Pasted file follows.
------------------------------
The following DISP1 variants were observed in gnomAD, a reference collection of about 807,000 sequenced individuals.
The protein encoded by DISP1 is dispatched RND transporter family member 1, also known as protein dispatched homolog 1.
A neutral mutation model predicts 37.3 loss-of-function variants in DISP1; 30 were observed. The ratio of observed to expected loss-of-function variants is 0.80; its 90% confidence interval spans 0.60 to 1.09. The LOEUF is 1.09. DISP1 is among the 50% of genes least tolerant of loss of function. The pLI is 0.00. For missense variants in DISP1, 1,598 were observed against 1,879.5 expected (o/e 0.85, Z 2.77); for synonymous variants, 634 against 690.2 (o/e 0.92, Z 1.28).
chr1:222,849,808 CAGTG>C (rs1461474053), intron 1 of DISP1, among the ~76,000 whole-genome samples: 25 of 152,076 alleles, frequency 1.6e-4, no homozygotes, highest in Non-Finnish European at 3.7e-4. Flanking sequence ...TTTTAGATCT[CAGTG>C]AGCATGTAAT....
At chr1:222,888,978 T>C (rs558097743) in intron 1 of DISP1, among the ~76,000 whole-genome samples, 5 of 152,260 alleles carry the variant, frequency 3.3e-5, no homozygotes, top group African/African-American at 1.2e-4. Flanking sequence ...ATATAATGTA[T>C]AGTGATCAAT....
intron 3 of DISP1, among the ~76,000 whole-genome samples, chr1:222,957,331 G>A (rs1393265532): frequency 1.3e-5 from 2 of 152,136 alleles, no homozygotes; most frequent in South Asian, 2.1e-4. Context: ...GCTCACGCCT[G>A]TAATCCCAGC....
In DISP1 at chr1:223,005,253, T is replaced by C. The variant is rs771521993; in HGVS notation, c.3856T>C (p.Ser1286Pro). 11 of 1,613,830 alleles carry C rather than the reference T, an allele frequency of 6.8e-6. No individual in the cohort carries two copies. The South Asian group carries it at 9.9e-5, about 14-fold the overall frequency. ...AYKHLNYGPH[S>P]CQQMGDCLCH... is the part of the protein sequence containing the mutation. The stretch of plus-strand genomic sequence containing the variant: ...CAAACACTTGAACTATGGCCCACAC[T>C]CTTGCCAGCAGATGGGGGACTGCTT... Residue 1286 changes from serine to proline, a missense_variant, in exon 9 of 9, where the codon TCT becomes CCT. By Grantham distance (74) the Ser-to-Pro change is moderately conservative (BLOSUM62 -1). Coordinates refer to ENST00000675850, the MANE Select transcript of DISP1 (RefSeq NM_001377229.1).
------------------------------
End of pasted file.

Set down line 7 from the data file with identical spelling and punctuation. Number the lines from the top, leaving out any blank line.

In DISP1 at chr1:223,005,253, T is replaced by C. The variant is rs771521993; in HGVS notation, c.3856T>C (p.Ser1286Pro). 11 of 1,613,830 alleles carry C rather than the reference T, an allele frequency of 6.8e-6. No individual in the cohort carries two copies. The South Asian group carries it at 9.9e-5, about 14-fold the overall frequency. ...AYKHLNYGPH[S>P]CQQMGDCLCH... is the part of the protein sequence containing the mutation. The stretch of plus-strand genomic sequence containing the variant: ...CAAACACTTGAACTATGGCCCACAC[T>C]CTTGCCAGCAGATGGGGGACTGCTT... Residue 1286 changes from serine to proline, a missense_variant, in exon 9 of 9, where the codon TCT becomes CCT. By Grantham distance (74) the Ser-to-Pro change is moderately conservative (BLOSUM62 -1). Coordinates refer to ENST00000675850, the MANE Select transcript of DISP1 (RefSeq NM_001377229.1).